A separate exhibition that’s also just opened at the Tate is Aleksandra Mir’s Space Tapestry, a work about our interest in, and relationship with, outer space. On display is a 40 metre segment of a wall hanging that when completed will be 200 metres long and 3 metres high. Mir is collaborating on the project with twenty five young artists (working to Mir’s design and using Sharpie pens on canvas), and echoes of the Bayeux Tapestry are intentional: the medieval masterpiece includes a depiction of Halley’s Comet, reflecting humanity’s enduring curiosity about the skies above us. Mir’s studio is in Hackney and for this section she’s taken eight locations in her neighbourhood and related them to the planets, with individual canvases bearing such titles as ‘How far from Bethnal Green is Neptune?’ and ‘How far from Columbia Road is Mars?’ Viewing the huge canvases is an immersive experience, so that the act of looking at the works itself underlines the unimaginable vastness of space. ‘Pluto (And From Here You Look So Small)’ interestingly reverses the perspective, reminding us that if the universe were a human being earth would be a mere speck in its eye.
Portraying A Nation: Germany 1919 – 1933 (Admission £12/£10 concessions/Accompanied under 12s free/Under 26s free throughout August) and Aleksandra Mir: Space Tapestry (Admission free) continue at the Tate Liverpool until 15 October 2017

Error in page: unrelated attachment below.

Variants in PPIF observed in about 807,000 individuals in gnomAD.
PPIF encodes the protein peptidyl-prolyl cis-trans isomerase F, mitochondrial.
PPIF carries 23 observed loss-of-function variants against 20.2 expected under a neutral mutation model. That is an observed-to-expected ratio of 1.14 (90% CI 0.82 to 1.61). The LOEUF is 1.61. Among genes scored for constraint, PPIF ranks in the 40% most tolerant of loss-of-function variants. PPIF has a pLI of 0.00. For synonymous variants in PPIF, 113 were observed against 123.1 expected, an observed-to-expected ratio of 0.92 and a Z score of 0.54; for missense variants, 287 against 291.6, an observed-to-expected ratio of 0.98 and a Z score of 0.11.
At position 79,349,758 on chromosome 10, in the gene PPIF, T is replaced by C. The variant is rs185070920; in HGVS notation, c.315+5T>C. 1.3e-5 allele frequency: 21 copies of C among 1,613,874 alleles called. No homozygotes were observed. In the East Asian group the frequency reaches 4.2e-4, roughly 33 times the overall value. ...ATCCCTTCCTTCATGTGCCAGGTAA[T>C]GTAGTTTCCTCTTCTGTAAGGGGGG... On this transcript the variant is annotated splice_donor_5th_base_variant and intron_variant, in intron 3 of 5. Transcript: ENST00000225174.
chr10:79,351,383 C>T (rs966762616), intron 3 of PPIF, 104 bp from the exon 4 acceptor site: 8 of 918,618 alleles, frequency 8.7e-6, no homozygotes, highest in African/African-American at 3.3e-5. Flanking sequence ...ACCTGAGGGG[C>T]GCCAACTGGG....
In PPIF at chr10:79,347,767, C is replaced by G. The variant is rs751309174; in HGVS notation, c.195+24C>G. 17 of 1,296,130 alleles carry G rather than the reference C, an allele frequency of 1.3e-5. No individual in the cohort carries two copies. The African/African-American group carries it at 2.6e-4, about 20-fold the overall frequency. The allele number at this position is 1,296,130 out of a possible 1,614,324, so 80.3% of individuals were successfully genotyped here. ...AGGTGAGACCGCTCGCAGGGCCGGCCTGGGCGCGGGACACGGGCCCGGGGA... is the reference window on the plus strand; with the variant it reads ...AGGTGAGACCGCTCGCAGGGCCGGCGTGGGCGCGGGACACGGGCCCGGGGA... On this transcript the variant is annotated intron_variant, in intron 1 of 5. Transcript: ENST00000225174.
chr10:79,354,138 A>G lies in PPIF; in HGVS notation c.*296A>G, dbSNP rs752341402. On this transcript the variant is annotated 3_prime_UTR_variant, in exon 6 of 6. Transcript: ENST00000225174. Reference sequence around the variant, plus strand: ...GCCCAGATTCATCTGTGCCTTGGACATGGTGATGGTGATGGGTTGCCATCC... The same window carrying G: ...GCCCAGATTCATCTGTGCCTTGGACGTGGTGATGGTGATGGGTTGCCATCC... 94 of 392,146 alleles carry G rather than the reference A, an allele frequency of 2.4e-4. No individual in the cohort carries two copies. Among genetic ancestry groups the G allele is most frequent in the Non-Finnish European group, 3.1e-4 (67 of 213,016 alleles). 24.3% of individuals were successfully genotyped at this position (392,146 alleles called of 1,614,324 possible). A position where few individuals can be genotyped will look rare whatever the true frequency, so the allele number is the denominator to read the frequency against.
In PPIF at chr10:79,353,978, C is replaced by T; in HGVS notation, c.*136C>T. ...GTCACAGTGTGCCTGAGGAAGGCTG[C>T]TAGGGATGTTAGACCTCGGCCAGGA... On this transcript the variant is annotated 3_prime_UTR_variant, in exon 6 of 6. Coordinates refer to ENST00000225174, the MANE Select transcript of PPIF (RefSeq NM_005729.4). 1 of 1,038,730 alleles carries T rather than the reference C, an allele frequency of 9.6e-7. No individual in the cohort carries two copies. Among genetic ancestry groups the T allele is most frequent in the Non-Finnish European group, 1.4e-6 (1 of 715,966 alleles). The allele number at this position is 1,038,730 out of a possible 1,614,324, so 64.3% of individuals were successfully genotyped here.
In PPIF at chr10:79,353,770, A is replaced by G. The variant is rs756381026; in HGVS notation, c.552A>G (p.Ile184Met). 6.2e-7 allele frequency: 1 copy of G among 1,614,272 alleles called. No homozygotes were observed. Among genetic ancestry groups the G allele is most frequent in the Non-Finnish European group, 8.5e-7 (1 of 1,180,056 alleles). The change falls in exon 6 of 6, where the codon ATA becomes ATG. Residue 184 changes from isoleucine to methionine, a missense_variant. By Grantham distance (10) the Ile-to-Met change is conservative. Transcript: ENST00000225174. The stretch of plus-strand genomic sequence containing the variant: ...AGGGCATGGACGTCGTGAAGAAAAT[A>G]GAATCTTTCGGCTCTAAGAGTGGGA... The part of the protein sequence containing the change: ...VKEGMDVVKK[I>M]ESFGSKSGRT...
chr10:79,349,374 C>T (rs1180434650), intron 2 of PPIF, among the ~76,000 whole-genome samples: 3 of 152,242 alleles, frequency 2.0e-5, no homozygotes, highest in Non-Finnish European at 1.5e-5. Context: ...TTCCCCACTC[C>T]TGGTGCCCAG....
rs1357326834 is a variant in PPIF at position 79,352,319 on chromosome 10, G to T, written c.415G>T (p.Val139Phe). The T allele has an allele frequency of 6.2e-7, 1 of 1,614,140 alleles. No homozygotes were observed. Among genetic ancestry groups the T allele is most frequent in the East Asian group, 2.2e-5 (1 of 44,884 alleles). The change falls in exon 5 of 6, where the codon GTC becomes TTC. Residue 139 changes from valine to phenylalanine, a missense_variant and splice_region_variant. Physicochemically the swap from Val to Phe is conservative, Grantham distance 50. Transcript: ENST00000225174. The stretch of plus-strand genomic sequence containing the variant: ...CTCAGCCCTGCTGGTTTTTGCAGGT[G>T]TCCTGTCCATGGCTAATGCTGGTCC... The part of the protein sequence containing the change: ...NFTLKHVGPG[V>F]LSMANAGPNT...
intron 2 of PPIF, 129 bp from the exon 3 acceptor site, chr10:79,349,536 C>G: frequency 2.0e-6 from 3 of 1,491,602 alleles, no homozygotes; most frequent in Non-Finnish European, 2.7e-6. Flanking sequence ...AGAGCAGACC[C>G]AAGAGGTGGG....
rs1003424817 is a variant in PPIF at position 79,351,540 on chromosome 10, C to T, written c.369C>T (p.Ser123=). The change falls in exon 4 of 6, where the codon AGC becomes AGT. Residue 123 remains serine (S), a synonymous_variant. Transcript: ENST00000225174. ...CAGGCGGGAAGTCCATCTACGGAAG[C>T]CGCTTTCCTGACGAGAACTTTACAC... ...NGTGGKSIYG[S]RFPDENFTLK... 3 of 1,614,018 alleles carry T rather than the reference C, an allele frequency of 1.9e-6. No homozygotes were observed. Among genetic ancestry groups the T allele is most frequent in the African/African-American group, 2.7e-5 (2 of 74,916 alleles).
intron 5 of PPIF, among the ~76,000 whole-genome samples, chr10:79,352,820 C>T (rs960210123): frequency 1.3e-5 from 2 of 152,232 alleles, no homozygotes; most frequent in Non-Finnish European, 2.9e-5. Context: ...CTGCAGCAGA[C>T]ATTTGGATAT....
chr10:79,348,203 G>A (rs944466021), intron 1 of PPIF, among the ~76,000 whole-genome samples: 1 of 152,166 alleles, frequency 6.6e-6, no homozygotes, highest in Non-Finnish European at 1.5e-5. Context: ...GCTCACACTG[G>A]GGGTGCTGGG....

Otto Dix: Reclining Woman On A Leopard Skin 1927. ©DACS 2017. Collection of the Herbert F. Johnson Museum of Art, Cornell University. Gift of Samuel A. Berger.
August Sander: Turkish Mousetrap Salesman 1924 – 30. Tate and National Galleries of Scotland. Lent by Anthony d’Offay 2010. ©Die Photographische Sammlung/SK Stiftung Kultur – August Sander Archiv, Cologne/VG Bild-Kunst, Bonn and DACS, London 2017
August Sander: National Socialist, Head of Department of Culture c.1938. Tate and National Galleries of Scotland. Lent by Anthony d’Offay 2010. ©Die Photographische Sammlung/SK Stiftung Kultur – August Sander Archiv, Cologne/VG Bild-Kunst, Bonn and DACS, London 2017
Otto Dix: Portrait of the Photographer Hugo Erfurth with Dog 1926. ©DACS 2017. Museo Thyssen-Bornemisza, Madrid
Otto Dix: Self-Portrait with Easel 1926. ©DACS 2017. Leopold-Hoesch-Museum & Papiermuseum Düren. Photo: Peter Hinschläger